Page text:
Types of Roof Flashing and Their Applications

Metal roofing is a popular choice for its durability, longevity, and aesthetic appeal. To ensure a watertight and structurally sound metal roofing system, the incorporation of flashing is crucial. Flashing serves as a protective barrier, preventing water from infiltrating vulnerable areas and causing damage. In this article, we’ll delve into the different types of metal roof flashing and their applications.

1. Ridge Flashing:

Application: Ridge flashing is installed at the highest point of the roof where two slopes meet, known as the ridge. It helps to prevent water from penetrating the roof along this vulnerable juncture.

Materials: Ridge flashing is typically made of metal, such as aluminum or galvanized steel, to match the roofing material.

Design: The design often involves a V-shaped configuration that sits atop the ridge, providing a barrier against water infiltration.

2. Valley Flashing:

Application: Valleys are the areas where two roof slopes intersect, forming a channel for water runoff. Valley flashing is crucial in directing water away and preventing leaks.

Materials: Similar to ridge flashing, valley flashing is commonly made from metals like aluminum or steel.

Design: It is designed to fit into the valley, creating a water-resistant barrier and protecting this critical area from potential leaks.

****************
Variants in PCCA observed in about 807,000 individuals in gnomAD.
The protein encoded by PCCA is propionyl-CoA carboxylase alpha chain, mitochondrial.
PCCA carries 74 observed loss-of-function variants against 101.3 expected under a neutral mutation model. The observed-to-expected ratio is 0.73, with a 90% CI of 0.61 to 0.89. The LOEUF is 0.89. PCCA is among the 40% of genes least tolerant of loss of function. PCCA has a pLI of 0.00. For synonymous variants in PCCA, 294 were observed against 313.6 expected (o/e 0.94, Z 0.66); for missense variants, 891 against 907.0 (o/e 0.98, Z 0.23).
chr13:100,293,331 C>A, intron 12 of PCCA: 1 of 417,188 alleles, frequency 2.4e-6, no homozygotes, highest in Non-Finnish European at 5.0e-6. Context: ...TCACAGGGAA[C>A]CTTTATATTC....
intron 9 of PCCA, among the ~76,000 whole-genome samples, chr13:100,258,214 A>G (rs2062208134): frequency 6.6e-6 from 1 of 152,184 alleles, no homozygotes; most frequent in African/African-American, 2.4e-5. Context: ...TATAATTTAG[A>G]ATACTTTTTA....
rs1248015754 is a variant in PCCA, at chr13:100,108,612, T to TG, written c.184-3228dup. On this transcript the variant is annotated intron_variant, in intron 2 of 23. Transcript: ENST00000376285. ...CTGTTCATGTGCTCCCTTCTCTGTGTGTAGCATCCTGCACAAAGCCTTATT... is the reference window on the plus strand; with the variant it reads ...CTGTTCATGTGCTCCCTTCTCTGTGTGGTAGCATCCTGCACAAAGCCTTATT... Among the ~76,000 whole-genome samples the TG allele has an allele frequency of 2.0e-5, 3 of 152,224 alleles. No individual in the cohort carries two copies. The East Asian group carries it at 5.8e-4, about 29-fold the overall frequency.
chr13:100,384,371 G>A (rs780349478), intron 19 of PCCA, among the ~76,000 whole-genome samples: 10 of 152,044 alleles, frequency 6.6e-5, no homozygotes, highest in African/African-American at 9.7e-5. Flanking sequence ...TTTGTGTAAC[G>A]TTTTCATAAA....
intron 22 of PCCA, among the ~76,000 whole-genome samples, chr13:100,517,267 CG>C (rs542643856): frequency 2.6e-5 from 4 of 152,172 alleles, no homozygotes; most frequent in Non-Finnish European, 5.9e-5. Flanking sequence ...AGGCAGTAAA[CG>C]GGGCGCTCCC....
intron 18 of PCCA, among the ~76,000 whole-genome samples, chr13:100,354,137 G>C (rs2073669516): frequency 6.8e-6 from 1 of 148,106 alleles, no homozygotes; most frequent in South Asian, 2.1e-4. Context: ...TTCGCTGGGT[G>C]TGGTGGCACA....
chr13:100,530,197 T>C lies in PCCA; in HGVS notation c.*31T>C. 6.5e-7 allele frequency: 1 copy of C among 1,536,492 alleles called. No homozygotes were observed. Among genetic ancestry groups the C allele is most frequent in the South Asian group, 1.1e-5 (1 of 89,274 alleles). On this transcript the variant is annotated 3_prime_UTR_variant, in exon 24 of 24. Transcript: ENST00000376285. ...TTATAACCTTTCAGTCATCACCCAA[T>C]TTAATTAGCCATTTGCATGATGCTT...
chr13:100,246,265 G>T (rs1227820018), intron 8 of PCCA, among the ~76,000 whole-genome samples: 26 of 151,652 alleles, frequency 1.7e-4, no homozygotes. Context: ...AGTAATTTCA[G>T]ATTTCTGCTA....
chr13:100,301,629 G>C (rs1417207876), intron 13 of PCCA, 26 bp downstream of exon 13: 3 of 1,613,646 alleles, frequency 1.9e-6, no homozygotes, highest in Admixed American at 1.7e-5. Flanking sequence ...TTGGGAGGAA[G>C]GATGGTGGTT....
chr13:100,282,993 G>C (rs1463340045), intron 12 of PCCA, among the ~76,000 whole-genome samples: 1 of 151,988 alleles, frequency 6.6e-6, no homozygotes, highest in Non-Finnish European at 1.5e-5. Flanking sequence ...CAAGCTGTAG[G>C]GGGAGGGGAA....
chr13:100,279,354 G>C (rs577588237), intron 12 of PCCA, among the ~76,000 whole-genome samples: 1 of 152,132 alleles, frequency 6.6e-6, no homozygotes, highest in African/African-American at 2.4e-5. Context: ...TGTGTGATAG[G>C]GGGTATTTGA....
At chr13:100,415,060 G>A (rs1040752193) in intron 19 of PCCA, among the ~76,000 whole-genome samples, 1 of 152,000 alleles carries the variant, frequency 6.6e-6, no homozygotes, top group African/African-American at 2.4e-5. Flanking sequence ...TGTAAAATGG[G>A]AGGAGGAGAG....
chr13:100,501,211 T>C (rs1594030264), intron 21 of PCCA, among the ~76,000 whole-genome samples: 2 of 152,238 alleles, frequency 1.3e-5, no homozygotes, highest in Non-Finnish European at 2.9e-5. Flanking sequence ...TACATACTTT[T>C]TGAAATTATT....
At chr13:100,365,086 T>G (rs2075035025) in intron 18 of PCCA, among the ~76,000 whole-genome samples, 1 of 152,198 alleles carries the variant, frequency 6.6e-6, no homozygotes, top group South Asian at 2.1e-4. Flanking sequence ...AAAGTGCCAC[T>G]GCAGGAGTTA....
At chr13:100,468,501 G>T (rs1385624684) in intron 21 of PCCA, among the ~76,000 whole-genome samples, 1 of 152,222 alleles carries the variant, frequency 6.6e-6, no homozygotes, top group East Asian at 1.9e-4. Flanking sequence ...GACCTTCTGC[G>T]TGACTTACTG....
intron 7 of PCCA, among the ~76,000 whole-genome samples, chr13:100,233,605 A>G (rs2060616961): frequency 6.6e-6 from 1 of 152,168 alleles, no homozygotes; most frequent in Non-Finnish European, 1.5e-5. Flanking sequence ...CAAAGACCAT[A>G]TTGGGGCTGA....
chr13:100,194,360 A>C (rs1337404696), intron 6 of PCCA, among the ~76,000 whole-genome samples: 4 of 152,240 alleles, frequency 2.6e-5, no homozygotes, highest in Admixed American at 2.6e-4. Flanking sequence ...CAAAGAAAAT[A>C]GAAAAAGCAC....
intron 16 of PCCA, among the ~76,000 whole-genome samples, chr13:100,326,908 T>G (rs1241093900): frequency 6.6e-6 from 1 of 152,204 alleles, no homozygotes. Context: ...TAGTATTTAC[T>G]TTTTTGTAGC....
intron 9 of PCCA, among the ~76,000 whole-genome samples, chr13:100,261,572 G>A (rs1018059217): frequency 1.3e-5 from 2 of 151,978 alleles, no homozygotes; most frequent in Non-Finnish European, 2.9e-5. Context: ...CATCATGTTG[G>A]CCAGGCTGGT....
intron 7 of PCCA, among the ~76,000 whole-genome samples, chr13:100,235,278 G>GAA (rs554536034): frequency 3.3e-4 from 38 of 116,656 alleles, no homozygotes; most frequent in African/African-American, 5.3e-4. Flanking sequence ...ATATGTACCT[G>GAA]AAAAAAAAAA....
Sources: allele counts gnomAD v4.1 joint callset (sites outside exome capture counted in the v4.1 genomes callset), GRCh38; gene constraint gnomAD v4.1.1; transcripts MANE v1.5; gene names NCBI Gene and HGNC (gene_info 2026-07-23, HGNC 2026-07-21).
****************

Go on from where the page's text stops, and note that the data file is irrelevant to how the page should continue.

3. Step Flashing:

Application: Step flashing is used in areas where the roof meets a vertical surface, such as a wall or chimney. It provides protection at each “step” or course of roofing material.

Materials: Step flashing is typically composed of metal, and it is often paired with other waterproofing materials like roofing felt.

Design: The design involves individual L-shaped pieces that are layered with roofing material and the vertical surface, creating a step-like pattern.

4. Chimney Flashing:

Application: Chimney flashing is employed around the base of chimneys to prevent water infiltration at this complex intersection.

Materials: Metal chimney flashing can be made of lead, copper, or aluminum due to their malleability and corrosion resistance.

Design: It usually involves a base flashing at the bottom, step flashing along the sides, and counterflashing embedded into the chimney mortar joints.

5. Drip Edge Flashing:

Application: Drip edge flashing is installed along the edges of the roof to direct water away from the fascia and prevent it from seeping under the roofing material.

Materials: It is commonly made from aluminum, although galvanized steel is also used.

Design: Drip edge flashing features a slight outward bend, encouraging water to drip away from the roof rather than collecting along the edges.

6. Eave Flashing:

Application: Eave flashing is positioned along the eaves to prevent water from entering the building and causing damage to the underlying structure.

Materials: Similar to drip edge flashing, eave flashing is often made of aluminum or galvanized steel.

Design: It is designed to provide a seal at the edge of the roof, protecting against wind-driven rain and ice dams.

In conclusion, the proper selection and installation of metal roof flashing are essential for the long-term performance and integrity of a metal roofing system. Each type of flashing plays a unique role in safeguarding vulnerable areas, ensuring that water is directed away from potential entry points. Whether it’s ridge, valley, step, chimney, drip edge, or eave flashing, the right combination will contribute to a watertight and durable metal roofing solution.